This guide draws from research, reporting, and the lived experiences of survivors to explore the connections between sexual violence and disasters, the inequities that shape them both, the lessons to be learned from the resilience of survivors and their communities, and opportunities for all of us to prevent sexual violence before, during, and after disasters.
Diana Mancera is the Director of Membership and Programs at Jane Doe, Inc. (JDI). She develops and implements the Massachusetts SA and DV State Coalition initiatives to support the Coalition’s diverse statewide membership and oversees training and technical assistance in prevention, technology safety, and programming.
At the National Sexual Violence Resource Center (NSVRC), we have a commitment to language access. NSVRC is a project of the Pennsylvania Coalition Against Rape (PCAR), and we are obligated to provide meaningful language access in our services. In addition, we have a language access plan to work towards becoming more accessible.
*This blog covers issues of sexual violence, self harm, and discrimination and may be triggering for some readers.
Sexual Violence Statistics
Back to Basics: Partnering with Survivors and Communities to Promote Health Equity at the Intersections of Sexual and Intimate Partner Violence
This document was co-authored by staff of the National Sexual Violence Resource Center and National Resource Center on Domestic Violence, with significant input, guidance, and leadership from Black and women of color survivors and advocates.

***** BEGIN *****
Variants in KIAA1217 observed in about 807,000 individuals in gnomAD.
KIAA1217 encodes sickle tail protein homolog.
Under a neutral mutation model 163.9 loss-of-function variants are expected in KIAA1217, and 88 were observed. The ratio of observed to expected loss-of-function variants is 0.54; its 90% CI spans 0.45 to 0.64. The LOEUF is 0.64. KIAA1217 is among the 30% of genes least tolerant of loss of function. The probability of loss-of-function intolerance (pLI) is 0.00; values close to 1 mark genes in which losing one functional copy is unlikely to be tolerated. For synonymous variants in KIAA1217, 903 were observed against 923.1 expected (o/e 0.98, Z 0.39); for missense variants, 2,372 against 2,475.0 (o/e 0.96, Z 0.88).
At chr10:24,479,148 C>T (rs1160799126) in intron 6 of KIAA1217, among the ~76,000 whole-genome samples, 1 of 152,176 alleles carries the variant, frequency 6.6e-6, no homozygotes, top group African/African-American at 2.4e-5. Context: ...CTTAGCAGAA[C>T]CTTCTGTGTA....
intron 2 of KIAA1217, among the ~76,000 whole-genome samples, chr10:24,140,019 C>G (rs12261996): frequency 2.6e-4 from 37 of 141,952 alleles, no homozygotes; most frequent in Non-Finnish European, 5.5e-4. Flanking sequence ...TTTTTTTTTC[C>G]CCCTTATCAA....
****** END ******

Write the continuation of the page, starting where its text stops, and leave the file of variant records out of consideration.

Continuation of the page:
"A health equity approach to preventing sexual violence means that we need to both understand and address the factors that contribute to violence and safety and factors that expose some communities — especially communities that have been historically oppressed — to higher rates of sexual violence". (NSVRC, 2019)
Prefacing Health Equity:
Sexual harassment, abuse, and assault can have short- and long-term physical, emotional, and psychological effects on a person’s well-being and impact an entire community, from the culture and connections between people to the economic toll. Preventing sexual violence means we all must address deep-rooted abuses of power that contribute to inequities in health, safety, and well-being.
This blog series explores the new and changing financial conditions survivors of sexual violence face due to COVID-19.